I always envied artists that had multi-year projects, whereas my own work was always one-off pieces. Proxy is my multi-year work.
Proxy opened on January 13, 2013. It is a one cubic foot box, open in front, usually placed on the wall at face level. It has hosted 82 exhibitions so far, mostly one-person shows, with a few group shows and 2-person collaborations. In a couple of cases the gallery is left empty, and what is being displayed is the gallery itself. I am the sole owner and director, and Proxy is part of my art production.
For many years, the gallery was on the wall outside my office at Otis College and had a given internal audience. After covid and my retirement it has successfully moved online only, and in the future, it may move to different public spaces. Proxy is also a traveling gallery and has hosted shows in Los Angeles, Paris and Athens.
I do not look for miniature work. In fact, because the gallery is a framework, it has hosted work outside the box (literally). It can also, for example, sponsor a publication or a performance.
The Proxy website functions though digital photos of the shows, and in that sense, there is a necessary frontality of the photo. The photograph sometimes confounds scale and size, presenting the box as if it is a room.
Proxy successfully addressed a number of problems for me:
Proxy challenges the supplicant relationship that so many of us have with galleries: we hope they will like our work and “give” us a show. In this sense I have been very influenced by the younger generation of students I have taught over the years. I have admired the way they take things into their hands and organize ways to show and promote their work doing away with the conventional “studio visit.” There is a lot of desire solidified around a gallery show.
2. It functions as an antidote to teaching. As a professor I do not “like” or “dislike” the work of students. But as a gallerist, I can finally get in touch with what I really like. I look for work that inspires me to write. (writing: I take pride in never asking artists to write their own press releases. I see my press releases as a way to get a discursive ball rolling—something particularly important for artists for whom this is their first written commentary.)
3. The Proxy Gallery works as a conceptual framework. So, even though it is no secret that it is small, that fact is not foregrounded. The gallery allows me a platform from which I can produce discourse. This is the reason that it is called a GALLERY, not a project space, a space, an experiment, or anything like that. As a gallery it follows all the conventions of a gallery: It has a website, press releases, opening or closing receptions, even some newspaper reviews, printed business cards and the occasional curatorial intern.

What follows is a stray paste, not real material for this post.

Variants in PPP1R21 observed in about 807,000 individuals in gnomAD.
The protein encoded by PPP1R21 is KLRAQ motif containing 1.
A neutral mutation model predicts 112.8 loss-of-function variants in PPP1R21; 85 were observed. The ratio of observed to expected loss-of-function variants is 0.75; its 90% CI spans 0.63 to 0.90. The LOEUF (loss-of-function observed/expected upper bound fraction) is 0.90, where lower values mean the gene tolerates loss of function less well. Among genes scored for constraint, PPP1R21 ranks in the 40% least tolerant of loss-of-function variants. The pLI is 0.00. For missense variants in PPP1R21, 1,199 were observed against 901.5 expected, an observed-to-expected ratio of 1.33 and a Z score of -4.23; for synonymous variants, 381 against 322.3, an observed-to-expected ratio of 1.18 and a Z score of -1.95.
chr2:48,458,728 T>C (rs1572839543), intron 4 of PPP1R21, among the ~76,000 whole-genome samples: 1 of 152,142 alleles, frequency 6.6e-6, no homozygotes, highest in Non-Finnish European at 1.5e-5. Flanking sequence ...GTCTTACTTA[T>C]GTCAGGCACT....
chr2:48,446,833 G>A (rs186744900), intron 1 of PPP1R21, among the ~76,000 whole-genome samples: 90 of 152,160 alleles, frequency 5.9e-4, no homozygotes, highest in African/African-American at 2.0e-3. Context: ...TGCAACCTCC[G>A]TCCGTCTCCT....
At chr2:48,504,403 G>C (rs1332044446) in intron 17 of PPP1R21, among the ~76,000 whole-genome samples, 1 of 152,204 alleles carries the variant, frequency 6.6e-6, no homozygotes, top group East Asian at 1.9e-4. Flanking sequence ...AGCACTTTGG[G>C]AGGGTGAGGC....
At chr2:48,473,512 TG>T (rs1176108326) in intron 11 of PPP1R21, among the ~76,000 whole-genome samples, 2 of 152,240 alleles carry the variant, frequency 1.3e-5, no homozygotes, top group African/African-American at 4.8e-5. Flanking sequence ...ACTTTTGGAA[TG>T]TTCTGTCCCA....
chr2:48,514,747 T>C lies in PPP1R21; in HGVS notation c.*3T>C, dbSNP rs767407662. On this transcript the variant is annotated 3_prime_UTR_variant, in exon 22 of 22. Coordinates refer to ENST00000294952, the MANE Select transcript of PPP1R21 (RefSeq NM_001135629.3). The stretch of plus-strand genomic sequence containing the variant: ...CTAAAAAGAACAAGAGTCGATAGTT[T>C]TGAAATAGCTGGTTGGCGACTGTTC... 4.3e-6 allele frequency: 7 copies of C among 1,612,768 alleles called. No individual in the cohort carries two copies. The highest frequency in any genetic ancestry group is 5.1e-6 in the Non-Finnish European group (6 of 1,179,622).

Do you accept proposals?
-Yes. Email. email@example.com
Do you have external funding?
-No. So far, the expenses are minimal. I do not pay rent, and have no employees, so I have been able to cover expenses myself. My own labor is not paid-since I consider it my artwork.
The website proxygallery.com costs about $130 per year.
I do occasionally pay someone for advanced digital help.
Proxy gallery boxes are about $30 at IKEA and I have bought several over the years.
In case shipping is involved, I pay about $60-80 round trip.
Opening receptions cost me $30.
I don’t pay tax on the gallery.
I don’t have insurance.
Why don’t you make it a non-profit?
I don’t want to. I enjoy the lack of bureaucracy.
Do you ever sell the work?
Yes, I do and have. I do not take a percentage, but simply get the buyer in touch with the artist.
Do you ever reject proposals?
Yes, I do and I have.
How do you find the artists?
Some I know personally, some apply, and some are recommended by artists I know. Or I see their work in a museum and get in touch with them.
Do you have any complaints?
Yes! Artists who never come to pick up their work after their show.
But what about your OWN work?
This IS (part of) my own work.
So is this public practice or social practice?
You should make a book.
I have made 5. They are on Blurb.com. And I don’t like sentences that start with “you should.”
What is your favorite part of having a gallery?
Seeing work I enjoy and writing press releases,
Proxy deals conceptually and humorously with the prestige of a one-person show in big cities, the need to have a good resume, etc., however, it is not a joke. I treat it very seriously and ask the same of artists. Humor requires great seriousness.